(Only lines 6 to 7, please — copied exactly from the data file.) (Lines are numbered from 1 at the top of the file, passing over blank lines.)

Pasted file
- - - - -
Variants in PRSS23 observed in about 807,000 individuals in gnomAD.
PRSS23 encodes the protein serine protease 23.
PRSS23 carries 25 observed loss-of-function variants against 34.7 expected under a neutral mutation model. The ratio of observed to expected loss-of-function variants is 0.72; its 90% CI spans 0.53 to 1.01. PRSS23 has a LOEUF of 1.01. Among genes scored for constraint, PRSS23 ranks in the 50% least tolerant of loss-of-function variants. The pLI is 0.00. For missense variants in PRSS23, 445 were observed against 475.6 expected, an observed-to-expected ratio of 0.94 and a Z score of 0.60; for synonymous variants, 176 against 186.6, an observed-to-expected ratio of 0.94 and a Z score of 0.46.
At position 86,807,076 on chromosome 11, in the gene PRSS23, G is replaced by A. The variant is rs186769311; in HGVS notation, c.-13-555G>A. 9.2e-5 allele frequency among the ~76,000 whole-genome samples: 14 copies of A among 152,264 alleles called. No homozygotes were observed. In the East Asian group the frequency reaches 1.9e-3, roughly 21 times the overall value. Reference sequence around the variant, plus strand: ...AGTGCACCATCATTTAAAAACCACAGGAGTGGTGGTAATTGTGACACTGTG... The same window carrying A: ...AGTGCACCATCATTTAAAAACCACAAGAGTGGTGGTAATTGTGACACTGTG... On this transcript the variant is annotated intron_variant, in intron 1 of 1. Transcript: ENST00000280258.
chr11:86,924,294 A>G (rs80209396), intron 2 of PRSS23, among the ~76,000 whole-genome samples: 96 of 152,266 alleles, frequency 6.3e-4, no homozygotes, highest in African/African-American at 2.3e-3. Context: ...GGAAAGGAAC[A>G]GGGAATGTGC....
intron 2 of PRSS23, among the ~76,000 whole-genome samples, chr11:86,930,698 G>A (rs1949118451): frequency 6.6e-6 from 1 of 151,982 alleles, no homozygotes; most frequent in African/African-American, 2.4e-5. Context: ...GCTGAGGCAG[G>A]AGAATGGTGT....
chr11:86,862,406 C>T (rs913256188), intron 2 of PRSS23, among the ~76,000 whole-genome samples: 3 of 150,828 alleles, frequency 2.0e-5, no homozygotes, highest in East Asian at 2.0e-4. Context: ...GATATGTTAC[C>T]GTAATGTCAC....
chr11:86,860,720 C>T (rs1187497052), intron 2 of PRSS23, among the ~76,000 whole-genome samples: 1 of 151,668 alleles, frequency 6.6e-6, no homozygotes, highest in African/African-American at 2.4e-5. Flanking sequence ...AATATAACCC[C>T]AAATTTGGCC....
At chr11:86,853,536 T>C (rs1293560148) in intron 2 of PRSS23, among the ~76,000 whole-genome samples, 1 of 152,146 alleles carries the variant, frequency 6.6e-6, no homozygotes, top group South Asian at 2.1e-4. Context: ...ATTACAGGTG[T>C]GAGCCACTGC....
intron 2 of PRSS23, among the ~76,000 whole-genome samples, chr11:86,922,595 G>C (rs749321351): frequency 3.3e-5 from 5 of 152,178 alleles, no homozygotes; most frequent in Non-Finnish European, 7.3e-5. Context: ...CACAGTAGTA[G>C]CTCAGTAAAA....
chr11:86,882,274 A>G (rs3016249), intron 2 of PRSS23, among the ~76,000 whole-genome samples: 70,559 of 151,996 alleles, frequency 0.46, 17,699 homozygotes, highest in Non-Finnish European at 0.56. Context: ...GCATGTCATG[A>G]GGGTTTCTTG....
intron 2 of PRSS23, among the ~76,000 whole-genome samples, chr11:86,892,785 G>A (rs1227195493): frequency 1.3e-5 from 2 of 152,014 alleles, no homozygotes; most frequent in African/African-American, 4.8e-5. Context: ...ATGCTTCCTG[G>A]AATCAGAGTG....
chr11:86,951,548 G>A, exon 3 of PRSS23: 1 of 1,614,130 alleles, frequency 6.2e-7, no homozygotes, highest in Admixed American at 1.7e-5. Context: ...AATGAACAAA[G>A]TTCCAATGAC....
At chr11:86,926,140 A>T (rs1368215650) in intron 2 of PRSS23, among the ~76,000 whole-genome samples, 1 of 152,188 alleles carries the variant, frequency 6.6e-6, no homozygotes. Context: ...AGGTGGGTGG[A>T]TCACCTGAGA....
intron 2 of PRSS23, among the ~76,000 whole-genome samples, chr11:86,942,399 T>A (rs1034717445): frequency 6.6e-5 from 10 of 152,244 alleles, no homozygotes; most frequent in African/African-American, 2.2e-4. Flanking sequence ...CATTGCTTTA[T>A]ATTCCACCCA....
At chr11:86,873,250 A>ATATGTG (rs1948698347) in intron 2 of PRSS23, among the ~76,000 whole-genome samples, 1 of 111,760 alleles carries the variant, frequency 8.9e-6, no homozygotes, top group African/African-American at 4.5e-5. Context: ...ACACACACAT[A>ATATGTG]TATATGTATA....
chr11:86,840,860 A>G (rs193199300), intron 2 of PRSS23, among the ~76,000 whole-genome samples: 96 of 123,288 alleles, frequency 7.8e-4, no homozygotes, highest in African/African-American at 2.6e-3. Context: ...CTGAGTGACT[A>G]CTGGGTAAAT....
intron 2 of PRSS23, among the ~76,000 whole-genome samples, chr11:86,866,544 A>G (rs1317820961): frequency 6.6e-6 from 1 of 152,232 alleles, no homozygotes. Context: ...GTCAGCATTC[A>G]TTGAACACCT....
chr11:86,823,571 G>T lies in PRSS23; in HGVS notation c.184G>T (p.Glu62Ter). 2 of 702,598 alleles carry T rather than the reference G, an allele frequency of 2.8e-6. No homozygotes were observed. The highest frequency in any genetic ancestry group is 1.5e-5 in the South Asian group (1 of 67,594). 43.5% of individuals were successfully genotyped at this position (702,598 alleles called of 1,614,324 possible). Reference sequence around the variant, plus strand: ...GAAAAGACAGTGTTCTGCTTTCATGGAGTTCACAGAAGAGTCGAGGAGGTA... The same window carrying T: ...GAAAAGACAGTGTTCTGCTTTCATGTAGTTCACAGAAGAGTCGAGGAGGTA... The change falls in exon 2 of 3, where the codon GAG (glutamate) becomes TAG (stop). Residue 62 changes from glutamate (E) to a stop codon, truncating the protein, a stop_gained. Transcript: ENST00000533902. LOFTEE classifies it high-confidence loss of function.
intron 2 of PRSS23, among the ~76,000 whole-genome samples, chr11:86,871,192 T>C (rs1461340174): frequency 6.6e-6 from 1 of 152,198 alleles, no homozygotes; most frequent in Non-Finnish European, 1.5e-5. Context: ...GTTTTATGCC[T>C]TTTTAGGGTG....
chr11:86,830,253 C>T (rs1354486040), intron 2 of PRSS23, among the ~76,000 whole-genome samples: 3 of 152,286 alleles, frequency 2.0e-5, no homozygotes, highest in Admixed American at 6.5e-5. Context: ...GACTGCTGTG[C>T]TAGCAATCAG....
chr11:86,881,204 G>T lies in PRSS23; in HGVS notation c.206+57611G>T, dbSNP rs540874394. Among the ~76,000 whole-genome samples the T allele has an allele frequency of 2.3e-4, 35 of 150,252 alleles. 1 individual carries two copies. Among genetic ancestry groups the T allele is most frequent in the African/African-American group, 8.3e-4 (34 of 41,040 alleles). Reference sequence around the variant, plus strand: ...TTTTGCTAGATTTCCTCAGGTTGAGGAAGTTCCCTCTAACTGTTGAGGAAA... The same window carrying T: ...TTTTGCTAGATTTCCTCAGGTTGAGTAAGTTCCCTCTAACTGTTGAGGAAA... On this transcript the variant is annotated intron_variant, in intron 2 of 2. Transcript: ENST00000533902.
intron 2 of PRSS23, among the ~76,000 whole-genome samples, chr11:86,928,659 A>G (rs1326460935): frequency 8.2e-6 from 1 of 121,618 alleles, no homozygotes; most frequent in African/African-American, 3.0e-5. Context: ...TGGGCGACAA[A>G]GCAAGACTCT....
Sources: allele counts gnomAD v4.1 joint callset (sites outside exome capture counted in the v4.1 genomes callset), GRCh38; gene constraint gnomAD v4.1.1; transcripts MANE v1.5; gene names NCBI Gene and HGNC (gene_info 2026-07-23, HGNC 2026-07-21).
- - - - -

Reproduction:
intron 2 of PRSS23, among the ~76,000 whole-genome samples, chr11:86,930,698 G>A (rs1949118451): frequency 6.6e-6 from 1 of 151,982 alleles, no homozygotes; most frequent in African/African-American, 2.4e-5. Context: ...GCTGAGGCAG[G>A]AGAATGGTGT....
chr11:86,862,406 C>T (rs913256188), intron 2 of PRSS23, among the ~76,000 whole-genome samples: 3 of 150,828 alleles, frequency 2.0e-5, no homozygotes, highest in East Asian at 2.0e-4. Context: ...GATATGTTAC[C>T]GTAATGTCAC....